Schoolchildren learn of the crucial and timely role played by France in the American victory over King George III’s redcoats. The personification of the invaluable Gallic assistance to the American cause of liberty is none other than the Marquis de Lafayette.
Although known to history by his aristocratic title, Lafayette was born Marie-Joseph Paul Yves Roch Gilbert de Motier. For obvious reasons, we will continue the tradition of referring to this hero of the Revolution by the much more manageable monicker: LaFayette.
Born in Chavaniac, France, LaFayette was born in 1757 to a French aristocratic family. One of his noble ancestors had the distinction of serving as the head of Joan of Arc’s forces in Orleans. Extraordinary military service is a common trait found among many of LaFayette’s ancestors.
The young nobleman’s association with the American War for Independence began in 1775. In that year, LaFayette was participating in his own unit’s training in Metz. During this bivouac LaFayette met the Marquis de Ruffec, the commander of the French army’s eastern force. As LaFayette recalled the event, it was at this meeting that he “first learned of that quarrel, my heart was enlisted and I thought only of joining the colors.”
Upon returning to Paris, LaFayette followed-up on those promptings to join his fortunes to those of the American revolutionaries. In the City of Lights, the young aristocrat joined in many of the groups that were meeting to consider the proper scope of French involvement in the American struggle with the English -- France’s long-time enemy. At these societes, LaFayette listened as passionate speakers advocated the cause of freedom and the rejection of autocracy being fought for by the Americans.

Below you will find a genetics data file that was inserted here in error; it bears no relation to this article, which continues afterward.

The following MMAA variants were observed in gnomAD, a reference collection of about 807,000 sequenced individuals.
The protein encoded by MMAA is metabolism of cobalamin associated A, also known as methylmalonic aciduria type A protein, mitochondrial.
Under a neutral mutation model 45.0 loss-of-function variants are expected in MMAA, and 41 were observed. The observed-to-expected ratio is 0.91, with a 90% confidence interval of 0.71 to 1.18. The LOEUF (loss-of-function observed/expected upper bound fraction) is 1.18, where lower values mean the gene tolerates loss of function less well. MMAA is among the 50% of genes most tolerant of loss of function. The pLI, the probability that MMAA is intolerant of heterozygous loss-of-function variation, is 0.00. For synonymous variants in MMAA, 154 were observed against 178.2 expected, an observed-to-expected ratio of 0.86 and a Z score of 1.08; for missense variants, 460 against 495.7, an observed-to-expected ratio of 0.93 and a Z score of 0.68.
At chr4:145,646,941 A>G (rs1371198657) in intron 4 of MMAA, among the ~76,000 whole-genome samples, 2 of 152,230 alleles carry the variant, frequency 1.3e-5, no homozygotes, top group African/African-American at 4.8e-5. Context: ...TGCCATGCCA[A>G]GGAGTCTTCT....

After the long train of abuses chronicled in the Declaration of Independence was “submitted to a candid world,” LaFayette sought for an opportunity to join the fray. On December 7, 1776, LaFayette contacted one of the American delegation in Paris (Silas Deane) and arranged for a commission in George Washington’s Continental Army. The marquis entered the service of the American forces with the rank of major general.
That same American delegation, under the direction of Benjamin Franklin, secured the loan of one million livres from the French government. Several French dignitaries were anxious to assist the Americans and humble the British. While a monarchy itself, France recognized the value to its own position of an American victory.
As LaFayette prepared for his departure to America, he learned that the Continental Congress didn’t have the money to pay for his trip. Undeterred, the wealthy young general chartered the sailing ship La Victoire using his own money. Despite this commitment to the cause, the trip to the New World would hardly be smooth sailing.
After LaFayette’s plan to join the American cause under the steam of his own ship was discovered by the British, the King of France was pressured to forbid his nobleman from leaving his homeland. In fact, the King ordered LaFayette to join his father in Marseille and was informed that failure to comply with the royal command would result in his imprisonment. Again, LaFayette was not to be dissuaded.
LaFayette set out for Spain. Disguised as a woman, he set sail on April 20, 1777 for America. Although the captain of the ship intended to stop over in the West Indies to sell some goods, LaFayette feared any layovers would open a window of opportunity for the British that would result in his arrest. To avoid this delay in his mission to America, LaFayette again opened his own purse and bought the cargo from the captain in exchange for the skipper’s promise to sail directly to America.
On June 13, 1777, the Marquis de LaFayette landed on North Island near Georgetown, South Carolina. This was almost as a momentous a landing as any other in American history.